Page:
With the wide spectrum of insight social intelligence provides to brands here are some recent questions on impact to Marketing:

What’s the most valuable insight social data can provide to Marketers? -Ashley H.

The biggest overall value from social intelligence is probably the fact you can understand the behaviors and preferences of millions of shoppers and consumers without ever asking a question. The ethnographic approach in itself has value just in observing individual behaviors across such a massive population. But I think the question wants a bit more specific of an answer. I think it’s hard to boil it down to just one, but getting very deep into consumer personas and corresponding activity and behavior has incredible value for product positioning, messaging and campaign development. Here is a review of five innovative insights I think provide tremendous actionable value to Marketers.


What do you find is the biggest challenge for Marketers to embrace social insights? – Will K.

First, it’s a new realm, which tends to come with initial hesitation. Second, hearing “social media” and “big data,” which are both often nebulous terms, can be daunting. But once marketers see the tangible, actionable insight that can be extracted from billions of social conversations they get it pretty quickly. When you work with Insight and Research professionals who have been doing this for decades and or have PhDs in the realm and they see insight applied and react by saying, “I never knew this was possible,” it’s eye-opening. I know personally using surveys and focus groups for companies like eBay and Citi, I certainly wish I had access to this type of data for the speed and depth of the intelligence it provides. The impact is impressive, so much so that were even seeing traditional industries moving to adopt it because the insight is so actionable.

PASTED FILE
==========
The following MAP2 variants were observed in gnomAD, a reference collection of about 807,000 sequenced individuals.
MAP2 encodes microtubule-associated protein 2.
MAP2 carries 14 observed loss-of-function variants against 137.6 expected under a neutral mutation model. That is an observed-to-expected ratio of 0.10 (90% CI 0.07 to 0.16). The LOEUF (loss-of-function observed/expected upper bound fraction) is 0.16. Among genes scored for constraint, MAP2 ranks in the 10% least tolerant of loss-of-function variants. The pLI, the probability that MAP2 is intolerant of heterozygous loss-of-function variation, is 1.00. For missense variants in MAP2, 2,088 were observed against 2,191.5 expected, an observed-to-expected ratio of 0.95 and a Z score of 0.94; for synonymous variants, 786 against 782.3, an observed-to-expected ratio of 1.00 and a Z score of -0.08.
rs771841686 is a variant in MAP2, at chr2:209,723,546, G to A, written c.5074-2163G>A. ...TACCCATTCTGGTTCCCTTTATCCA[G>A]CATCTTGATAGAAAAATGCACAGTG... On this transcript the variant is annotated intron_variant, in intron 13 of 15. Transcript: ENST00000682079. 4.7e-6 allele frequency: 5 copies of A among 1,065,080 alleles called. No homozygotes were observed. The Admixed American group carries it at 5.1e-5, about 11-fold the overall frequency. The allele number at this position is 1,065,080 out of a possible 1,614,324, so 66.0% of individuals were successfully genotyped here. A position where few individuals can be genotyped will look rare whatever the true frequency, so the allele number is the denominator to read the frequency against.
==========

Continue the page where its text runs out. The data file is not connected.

If you have a question related to social intelligence or social risk send it info@listenlogic.com.

Expert Insight: Understanding Social Intelligence

Mark Langsfeld
Co-Founder, Chief Strategy Officer
ListenLogic